How would you describe the vision of the music at North Point?

Our mission as a church is to lead people into a growing relationship with Jesus Christ. We keep this in mind in all that we do. Specifically, our mission as a music department is to create a musical experience that transcends. We want to create music that connects with everyone who attends (insiders as well as outsiders), and that leads them to a different place emotionally and spiritually than they were before they came. This can be done through worship music experiences, as well as fun or powerful songs that can move someone on an emotional level.

What did the music ministry at North Point look like in the beginning?

Twelve years ago, there was just a piano player with a worship leader and about seven worship singers performing group vocals. Sometimes we just used recorded tracks for backup, and then months later we started a band.  Our style certainly wasn’t what we’re doing now. It was the same stuff we were doing at our previous church, with the semicircle of singers and a more piano-driven sound, as compared to today’s band-oriented, guitar-driven sound.

What does vision definition look like in the early stages? How do you define your vision? How do you communicate it?

Early on, Andy really emphasized to the staff the importance of communicating the vision of the church and inspiring everybody about being excited to do church a different way. He told us of the danger of becoming distracted by “good” programming that would ultimately take us away from what we wanted to accomplish. We just concentrated on doing Sunday morning church as well as we could: creating those few, specific environments on Sunday mornings that would be welcoming to outsiders.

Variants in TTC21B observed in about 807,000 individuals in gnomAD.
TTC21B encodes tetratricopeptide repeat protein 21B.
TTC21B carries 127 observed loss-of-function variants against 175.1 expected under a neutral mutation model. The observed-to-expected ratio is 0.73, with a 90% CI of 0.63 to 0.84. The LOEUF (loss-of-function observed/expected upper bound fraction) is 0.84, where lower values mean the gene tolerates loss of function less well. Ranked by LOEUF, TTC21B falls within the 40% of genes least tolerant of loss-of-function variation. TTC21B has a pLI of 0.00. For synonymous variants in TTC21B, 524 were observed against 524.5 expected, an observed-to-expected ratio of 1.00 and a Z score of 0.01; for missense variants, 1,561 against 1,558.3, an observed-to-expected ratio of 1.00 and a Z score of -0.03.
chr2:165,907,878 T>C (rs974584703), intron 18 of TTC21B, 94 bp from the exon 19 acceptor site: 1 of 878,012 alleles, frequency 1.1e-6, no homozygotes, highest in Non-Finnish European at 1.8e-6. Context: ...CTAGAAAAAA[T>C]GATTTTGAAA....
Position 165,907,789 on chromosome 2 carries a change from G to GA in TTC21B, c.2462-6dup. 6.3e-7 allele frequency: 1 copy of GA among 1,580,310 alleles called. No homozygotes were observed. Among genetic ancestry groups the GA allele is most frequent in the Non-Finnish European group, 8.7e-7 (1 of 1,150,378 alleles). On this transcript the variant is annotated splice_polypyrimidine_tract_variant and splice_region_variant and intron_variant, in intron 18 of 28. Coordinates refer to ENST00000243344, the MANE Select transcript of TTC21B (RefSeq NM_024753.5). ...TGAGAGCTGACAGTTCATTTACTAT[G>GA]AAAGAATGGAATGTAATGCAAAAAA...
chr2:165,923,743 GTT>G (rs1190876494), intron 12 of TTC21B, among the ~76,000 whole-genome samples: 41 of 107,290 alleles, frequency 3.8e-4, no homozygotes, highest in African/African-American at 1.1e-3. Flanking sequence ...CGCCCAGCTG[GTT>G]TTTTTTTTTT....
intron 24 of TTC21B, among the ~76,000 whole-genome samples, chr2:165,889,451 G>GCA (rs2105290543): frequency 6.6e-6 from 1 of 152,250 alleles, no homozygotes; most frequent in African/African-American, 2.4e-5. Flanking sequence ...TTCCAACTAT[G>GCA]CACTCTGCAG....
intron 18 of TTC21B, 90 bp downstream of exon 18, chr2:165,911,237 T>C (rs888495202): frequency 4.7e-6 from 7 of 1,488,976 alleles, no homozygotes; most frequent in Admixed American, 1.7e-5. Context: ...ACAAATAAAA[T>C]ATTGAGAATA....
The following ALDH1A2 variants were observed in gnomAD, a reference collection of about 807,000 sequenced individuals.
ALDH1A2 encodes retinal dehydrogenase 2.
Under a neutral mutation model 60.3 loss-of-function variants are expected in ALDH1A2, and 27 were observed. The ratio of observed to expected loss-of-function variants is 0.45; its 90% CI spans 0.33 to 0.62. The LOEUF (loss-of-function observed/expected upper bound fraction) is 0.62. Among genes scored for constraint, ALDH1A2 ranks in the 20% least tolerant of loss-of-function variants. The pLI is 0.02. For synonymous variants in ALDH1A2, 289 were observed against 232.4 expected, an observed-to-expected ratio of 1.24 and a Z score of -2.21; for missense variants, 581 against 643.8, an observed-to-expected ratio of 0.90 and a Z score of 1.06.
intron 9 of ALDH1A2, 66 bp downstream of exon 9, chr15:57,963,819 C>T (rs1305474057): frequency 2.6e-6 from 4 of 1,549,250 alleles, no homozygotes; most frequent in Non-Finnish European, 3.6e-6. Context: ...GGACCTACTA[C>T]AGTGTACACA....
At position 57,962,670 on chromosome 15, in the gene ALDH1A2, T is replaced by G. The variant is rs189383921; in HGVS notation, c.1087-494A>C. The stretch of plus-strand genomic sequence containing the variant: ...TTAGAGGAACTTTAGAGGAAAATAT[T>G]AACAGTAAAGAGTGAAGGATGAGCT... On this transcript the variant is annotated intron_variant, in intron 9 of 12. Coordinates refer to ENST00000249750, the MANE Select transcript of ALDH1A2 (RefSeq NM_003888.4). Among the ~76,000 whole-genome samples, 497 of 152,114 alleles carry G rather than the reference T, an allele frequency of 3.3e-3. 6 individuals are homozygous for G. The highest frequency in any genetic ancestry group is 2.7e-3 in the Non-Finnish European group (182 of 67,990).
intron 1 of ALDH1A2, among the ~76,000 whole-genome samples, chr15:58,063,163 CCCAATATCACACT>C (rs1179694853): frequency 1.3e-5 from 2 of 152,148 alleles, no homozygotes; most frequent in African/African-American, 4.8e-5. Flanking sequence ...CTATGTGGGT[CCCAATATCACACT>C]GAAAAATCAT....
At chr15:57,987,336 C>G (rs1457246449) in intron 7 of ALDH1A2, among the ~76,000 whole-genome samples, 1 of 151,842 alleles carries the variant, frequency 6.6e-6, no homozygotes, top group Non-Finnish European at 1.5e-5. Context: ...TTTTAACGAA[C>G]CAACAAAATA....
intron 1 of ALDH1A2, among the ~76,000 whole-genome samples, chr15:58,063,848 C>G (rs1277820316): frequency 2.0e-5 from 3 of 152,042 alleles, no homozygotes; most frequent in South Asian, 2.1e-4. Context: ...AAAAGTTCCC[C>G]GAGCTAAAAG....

The overall vision of the church filters down to all areas, including the music. We are very fortunate to have a leader who defines the vision so well and we can utilize that in making decisions every week. We can answer so many questions by keeping in front of us what we’re trying to accomplish and moving toward that goal.

Our vision is to have a foyer environment that is not threatening for a first-time visitor, and that philosophy funnels down into the songs we sing and what our worship leaders say from the stage. We want to make sure the verbiage isn’t “churchy.” Instead, what we sing and say from stage is inclusive, everyday language that alienates no one, no matter who they are.

That same philosophy is important in our staff relationships.  Although someone may hold a specific title or degree, they are referred to as “Mike” or “John” – not “Pastor” or “Dr. ____”.  This is not a sign of disrespect, but an encouragement of approachability. People on our staff are just that – people, not titles.

What would you say to people reluctant to play secular music in church?

We want people to be excited about what we’re doing. We want them to bring their friends and relatives to church. We want people who attend to be enthusiastic enough about what goes on here to talk to their friends and to say to them, “You won’t believe what they did last Sunday. You would like this. You ought to come check it out.”  That’s one of the reasons that North Point has grown. We want to make it easy for them to talk to their friends about it. We want to do it well enough that they will brag on the band and say, “You won’t believe what this band does.” Or, “This band did a John Mayer song on Sunday. I know you’re a big John Mayer fan.” That’s more important than having a Christian who attends here be bothered by the fact that we did a secular song.